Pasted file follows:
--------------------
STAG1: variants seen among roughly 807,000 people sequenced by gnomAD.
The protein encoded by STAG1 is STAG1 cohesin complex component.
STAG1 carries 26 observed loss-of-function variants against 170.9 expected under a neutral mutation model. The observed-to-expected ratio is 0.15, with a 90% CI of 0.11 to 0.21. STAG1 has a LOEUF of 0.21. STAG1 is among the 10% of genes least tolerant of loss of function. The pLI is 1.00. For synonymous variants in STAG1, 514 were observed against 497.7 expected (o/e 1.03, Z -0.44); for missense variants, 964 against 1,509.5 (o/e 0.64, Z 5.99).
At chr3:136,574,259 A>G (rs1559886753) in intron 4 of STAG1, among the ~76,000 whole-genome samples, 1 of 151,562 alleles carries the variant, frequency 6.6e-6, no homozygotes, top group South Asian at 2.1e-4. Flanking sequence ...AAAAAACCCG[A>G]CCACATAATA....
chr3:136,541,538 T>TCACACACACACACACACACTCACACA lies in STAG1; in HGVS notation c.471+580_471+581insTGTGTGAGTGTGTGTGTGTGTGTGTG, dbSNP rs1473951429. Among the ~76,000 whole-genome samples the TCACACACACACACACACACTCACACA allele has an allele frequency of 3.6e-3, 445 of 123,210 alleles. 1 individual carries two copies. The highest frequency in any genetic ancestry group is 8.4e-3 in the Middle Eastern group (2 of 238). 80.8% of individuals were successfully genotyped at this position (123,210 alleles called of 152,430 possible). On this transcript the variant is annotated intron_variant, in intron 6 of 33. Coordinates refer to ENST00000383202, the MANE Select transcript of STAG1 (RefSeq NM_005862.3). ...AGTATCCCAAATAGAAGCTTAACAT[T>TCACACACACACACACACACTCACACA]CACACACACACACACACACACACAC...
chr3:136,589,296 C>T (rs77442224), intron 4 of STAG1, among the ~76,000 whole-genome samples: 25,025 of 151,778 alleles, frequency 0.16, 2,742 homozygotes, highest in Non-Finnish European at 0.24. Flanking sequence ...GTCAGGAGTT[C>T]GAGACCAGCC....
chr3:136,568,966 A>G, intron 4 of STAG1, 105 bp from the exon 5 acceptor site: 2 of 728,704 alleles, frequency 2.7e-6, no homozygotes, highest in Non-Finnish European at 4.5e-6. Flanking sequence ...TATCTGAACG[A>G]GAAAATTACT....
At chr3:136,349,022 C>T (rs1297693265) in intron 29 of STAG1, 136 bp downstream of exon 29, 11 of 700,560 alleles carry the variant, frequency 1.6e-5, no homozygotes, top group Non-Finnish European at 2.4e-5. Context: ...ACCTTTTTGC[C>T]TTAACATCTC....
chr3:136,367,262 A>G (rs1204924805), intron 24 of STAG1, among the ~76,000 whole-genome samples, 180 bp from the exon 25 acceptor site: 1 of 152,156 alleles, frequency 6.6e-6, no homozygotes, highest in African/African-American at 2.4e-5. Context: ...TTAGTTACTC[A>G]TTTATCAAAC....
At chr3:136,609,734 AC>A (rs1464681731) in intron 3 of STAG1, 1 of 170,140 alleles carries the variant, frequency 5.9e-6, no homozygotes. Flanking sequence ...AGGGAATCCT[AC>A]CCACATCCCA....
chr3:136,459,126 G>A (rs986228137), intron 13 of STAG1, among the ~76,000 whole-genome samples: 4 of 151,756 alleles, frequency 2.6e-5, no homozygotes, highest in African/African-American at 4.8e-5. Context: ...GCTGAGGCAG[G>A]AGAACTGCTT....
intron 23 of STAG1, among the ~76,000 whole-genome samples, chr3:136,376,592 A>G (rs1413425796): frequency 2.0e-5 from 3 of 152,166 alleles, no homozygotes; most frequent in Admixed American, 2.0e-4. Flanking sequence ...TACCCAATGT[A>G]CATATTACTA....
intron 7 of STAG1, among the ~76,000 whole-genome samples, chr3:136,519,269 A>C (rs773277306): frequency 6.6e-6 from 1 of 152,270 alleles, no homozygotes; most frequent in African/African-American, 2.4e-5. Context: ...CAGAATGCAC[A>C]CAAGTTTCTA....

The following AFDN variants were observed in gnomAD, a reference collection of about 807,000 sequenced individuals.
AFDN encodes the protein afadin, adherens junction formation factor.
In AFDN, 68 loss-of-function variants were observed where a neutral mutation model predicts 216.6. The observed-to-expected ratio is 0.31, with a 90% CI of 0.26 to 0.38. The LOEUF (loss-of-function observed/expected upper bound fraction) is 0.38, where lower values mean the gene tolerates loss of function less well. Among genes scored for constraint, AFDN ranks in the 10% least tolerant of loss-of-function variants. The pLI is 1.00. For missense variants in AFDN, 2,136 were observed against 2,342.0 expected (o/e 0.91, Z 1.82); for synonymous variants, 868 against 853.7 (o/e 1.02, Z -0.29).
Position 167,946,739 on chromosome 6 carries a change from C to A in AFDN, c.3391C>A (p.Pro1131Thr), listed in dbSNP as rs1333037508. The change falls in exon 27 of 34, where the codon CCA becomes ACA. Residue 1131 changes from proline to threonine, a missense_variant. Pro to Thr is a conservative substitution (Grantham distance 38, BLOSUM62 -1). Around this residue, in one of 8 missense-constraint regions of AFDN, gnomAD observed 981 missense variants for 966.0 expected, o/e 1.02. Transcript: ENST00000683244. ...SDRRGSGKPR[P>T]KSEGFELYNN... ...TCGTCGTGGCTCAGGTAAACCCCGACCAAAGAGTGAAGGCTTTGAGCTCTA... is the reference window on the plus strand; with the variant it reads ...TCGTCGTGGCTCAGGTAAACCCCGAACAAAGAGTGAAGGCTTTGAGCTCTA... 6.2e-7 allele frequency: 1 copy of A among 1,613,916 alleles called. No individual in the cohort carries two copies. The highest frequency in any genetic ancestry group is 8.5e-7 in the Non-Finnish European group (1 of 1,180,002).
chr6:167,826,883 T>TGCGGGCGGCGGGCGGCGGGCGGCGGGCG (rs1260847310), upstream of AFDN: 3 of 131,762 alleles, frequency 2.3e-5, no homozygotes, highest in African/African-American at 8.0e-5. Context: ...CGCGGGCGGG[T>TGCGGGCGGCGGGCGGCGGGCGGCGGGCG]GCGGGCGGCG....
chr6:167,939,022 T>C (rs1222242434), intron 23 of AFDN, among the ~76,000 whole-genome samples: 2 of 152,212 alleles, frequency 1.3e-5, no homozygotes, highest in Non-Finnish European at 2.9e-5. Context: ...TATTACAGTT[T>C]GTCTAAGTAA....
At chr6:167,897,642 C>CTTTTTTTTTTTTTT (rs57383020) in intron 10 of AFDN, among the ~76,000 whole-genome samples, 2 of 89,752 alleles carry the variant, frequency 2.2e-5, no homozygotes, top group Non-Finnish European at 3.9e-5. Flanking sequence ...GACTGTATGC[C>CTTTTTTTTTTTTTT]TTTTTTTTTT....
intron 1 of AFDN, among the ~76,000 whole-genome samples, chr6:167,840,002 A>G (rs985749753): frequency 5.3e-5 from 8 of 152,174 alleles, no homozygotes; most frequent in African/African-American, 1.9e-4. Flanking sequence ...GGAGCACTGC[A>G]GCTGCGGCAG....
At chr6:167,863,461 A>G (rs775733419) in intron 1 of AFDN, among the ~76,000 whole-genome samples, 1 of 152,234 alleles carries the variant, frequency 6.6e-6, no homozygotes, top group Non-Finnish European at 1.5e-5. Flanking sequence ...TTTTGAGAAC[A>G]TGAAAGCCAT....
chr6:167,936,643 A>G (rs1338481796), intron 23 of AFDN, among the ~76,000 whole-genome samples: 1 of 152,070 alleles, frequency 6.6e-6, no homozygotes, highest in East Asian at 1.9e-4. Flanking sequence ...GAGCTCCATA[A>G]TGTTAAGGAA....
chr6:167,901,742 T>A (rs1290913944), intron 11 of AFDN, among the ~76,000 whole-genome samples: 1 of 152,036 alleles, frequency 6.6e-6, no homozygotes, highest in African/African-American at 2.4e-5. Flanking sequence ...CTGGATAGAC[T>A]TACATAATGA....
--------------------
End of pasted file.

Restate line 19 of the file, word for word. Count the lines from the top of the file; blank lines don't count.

chr6:167,939,022 T>C (rs1222242434), intron 23 of AFDN, among the ~76,000 whole-genome samples: 2 of 152,212 alleles, frequency 1.3e-5, no homozygotes, highest in Non-Finnish European at 2.9e-5. Context: ...TATTACAGTT[T>C]GTCTAAGTAA....